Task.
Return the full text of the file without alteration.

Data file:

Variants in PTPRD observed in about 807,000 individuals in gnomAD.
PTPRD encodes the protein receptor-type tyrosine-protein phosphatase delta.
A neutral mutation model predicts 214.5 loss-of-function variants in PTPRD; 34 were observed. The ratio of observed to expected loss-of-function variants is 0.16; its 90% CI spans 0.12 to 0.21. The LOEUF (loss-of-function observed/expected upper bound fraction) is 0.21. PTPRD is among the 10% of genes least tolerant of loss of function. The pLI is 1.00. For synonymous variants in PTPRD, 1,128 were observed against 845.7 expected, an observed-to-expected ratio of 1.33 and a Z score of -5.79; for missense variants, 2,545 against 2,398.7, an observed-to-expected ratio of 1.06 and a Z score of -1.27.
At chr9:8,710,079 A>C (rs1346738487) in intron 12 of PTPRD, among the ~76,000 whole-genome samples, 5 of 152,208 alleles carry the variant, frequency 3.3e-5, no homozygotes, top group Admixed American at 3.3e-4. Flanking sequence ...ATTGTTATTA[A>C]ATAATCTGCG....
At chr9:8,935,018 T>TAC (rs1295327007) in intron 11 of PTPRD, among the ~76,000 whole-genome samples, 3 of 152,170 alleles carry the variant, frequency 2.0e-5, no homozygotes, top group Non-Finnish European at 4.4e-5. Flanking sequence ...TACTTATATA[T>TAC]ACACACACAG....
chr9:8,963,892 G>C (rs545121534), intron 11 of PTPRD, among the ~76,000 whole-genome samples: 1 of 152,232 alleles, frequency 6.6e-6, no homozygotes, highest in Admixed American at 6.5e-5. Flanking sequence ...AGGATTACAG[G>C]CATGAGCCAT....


Variants in PTPRD observed in about 807,000 individuals in gnomAD.
PTPRD encodes the protein receptor-type tyrosine-protein phosphatase delta.
A neutral mutation model predicts 214.5 loss-of-function variants in PTPRD; 34 were observed. The ratio of observed to expected loss-of-function variants is 0.16; its 90% CI spans 0.12 to 0.21. The LOEUF (loss-of-function observed/expected upper bound fraction) is 0.21. PTPRD is among the 10% of genes least tolerant of loss of function. The pLI is 1.00. For synonymous variants in PTPRD, 1,128 were observed against 845.7 expected, an observed-to-expected ratio of 1.33 and a Z score of -5.79; for missense variants, 2,545 against 2,398.7, an observed-to-expected ratio of 1.06 and a Z score of -1.27.
At chr9:8,710,079 A>C (rs1346738487) in intron 12 of PTPRD, among the ~76,000 whole-genome samples, 5 of 152,208 alleles carry the variant, frequency 3.3e-5, no homozygotes, top group Admixed American at 3.3e-4. Flanking sequence ...ATTGTTATTA[A>C]ATAATCTGCG....
At chr9:8,935,018 T>TAC (rs1295327007) in intron 11 of PTPRD, among the ~76,000 whole-genome samples, 3 of 152,170 alleles carry the variant, frequency 2.0e-5, no homozygotes, top group Non-Finnish European at 4.4e-5. Flanking sequence ...TACTTATATA[T>TAC]ACACACACAG....
chr9:8,963,892 G>C (rs545121534), intron 11 of PTPRD, among the ~76,000 whole-genome samples: 1 of 152,232 alleles, frequency 6.6e-6, no homozygotes, highest in Admixed American at 6.5e-5. Flanking sequence ...AGGATTACAG[G>C]CATGAGCCAT....